Epidendrums can be grown in well drained garden beds or pots. They need plenty of organic matter to grow well, and are heavier feeders than many other orchids, responding well to almost any quantity of "well rotted" manure. Many propagate easily from stem cuttings and cuttings of side shoots, while some produce pseudobulbs and can be propagated by division.
There are many species and hybrids in culture. The exact parentage of some cultivars is confused. Species are sometimes divided into reed stemmed types and softer stemmed species. There are a greater number of softer stemmed species, but the reed stemmed are hardier plants, easier to propagate, and much more commonly cultivated.
Species in culture include:
E. aromaticum has yellowish flowers, with a whitish lip and red markings. Flowers occur in spring to summer, and are strongly scented.
The Spice Orchid, (E. atropurpureum) has fragrant brownish flowers with a white and purplish lip, in winter or early spring. This is an extremely variable species.
E. cinnabarinum needs minimum temperatures of 15o C or higher if it is to flower. Flowers occur spring to summer and are bright scarlet with an orange-yellow lip, spotted with red.
E. fragrans is a small plant with scented flowers in winter or spring. Flowers are white with a purplish streaked lip.
E. ibaguense (syn. E. radicans) is a typical reed stemmed type, and perhaps the most commonly grown species of Epidendrum. It grows easily in cool, warm or hot climates, provided it has protection from frost. It will grow in the lowlands of Malaysia, and also outside in Melbourne. To flower well, it needs plenty of sun, and in temperate areas needs a warm open position that collects optimum sun. In such a situation it is unlikely that it will be prone to sunburn. Climbing species have many aerial roots and the flowers are not scented, and may occur at any time.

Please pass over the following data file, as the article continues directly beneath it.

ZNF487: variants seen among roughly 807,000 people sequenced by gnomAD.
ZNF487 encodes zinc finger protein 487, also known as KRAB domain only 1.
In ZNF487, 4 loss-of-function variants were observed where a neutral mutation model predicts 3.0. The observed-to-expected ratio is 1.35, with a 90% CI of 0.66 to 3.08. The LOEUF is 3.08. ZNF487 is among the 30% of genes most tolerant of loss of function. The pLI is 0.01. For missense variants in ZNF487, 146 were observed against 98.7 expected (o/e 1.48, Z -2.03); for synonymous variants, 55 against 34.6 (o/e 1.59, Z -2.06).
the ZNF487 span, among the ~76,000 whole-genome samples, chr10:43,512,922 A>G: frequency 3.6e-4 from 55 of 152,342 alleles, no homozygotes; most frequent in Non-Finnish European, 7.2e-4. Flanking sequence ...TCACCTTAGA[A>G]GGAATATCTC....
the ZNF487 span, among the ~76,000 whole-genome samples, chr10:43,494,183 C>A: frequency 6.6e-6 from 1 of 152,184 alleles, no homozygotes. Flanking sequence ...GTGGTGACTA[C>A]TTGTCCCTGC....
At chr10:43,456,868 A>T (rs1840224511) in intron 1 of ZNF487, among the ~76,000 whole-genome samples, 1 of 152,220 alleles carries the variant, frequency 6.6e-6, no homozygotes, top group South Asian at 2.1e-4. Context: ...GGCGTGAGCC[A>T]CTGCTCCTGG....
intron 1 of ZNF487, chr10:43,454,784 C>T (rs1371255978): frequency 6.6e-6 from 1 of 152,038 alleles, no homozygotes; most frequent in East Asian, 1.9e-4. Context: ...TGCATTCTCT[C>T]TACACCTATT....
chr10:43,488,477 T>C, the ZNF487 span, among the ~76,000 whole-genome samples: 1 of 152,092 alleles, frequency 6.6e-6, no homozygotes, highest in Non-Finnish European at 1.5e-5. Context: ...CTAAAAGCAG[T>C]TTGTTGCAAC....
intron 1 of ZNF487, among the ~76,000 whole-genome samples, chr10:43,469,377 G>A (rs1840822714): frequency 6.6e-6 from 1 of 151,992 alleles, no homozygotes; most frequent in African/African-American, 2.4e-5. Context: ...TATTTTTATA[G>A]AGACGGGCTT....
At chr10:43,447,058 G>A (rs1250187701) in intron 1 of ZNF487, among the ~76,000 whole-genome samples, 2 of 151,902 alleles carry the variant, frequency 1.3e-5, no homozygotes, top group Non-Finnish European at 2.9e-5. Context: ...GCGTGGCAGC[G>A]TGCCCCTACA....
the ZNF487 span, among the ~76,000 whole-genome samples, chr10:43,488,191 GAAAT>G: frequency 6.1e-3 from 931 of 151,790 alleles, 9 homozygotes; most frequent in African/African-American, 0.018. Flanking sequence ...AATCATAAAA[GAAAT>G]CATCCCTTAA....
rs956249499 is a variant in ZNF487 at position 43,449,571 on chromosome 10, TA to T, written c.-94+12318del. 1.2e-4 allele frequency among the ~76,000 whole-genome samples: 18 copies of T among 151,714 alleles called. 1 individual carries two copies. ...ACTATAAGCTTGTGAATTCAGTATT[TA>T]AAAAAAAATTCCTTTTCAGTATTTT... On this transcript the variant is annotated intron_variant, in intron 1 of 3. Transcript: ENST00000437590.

E. medusae is a typical soft stemmed type with fleshy blue green leaves. Flowers are yellowish green with brown and a large purplish lip. It needs both shade and warmth to do well.
E. Parkinsonianum (syn. E. falcatum) produces fragrant long lasting flowers, their colour varies greatly. Keep fairly moist and only allow slight drying between waterings. Ideal conditions are temperatures of 10-27oC, 55-75% humidity, and feeding weekly at 25 to 50% recommended rates.
Mount plants on cork, bark or tree fern slabs or in a hanging pot in a chunky fast draining medium.
E. radicans - see E. ibaguense
E. Stamfordianum has yellow and red spotted, fragrant flowers with a fringed lip, occurring in early summer or late autumn. This species can be temperamental in cultivation.
E. stenopetalum is another soft stemmed species, producing a clump of cylindrical stems to 70 cm (28 inches) tall, bearing 10 cm (4 inches) leathery leaves. With appropriate conditions (eg. shade and constant warmth), this species can produce predominantly rose to purplish flowers all year round.
Many inter species and inter generic hybrids have been developed. Hybrids between Cattleyas and Epidendrums are grown in many places including tropical south-east Asia.
Epiphronitis - hybrids developed from Epidendrum and Sophronitis.
Epicattleyas -hybrids of Epidendrum with Cattleya
Some authorities have abbreviated this as Epc. as opposed to Epct. Eg. Epct. Viola 'Shigeki Sato' - Soft pink with a yellow striped throat.
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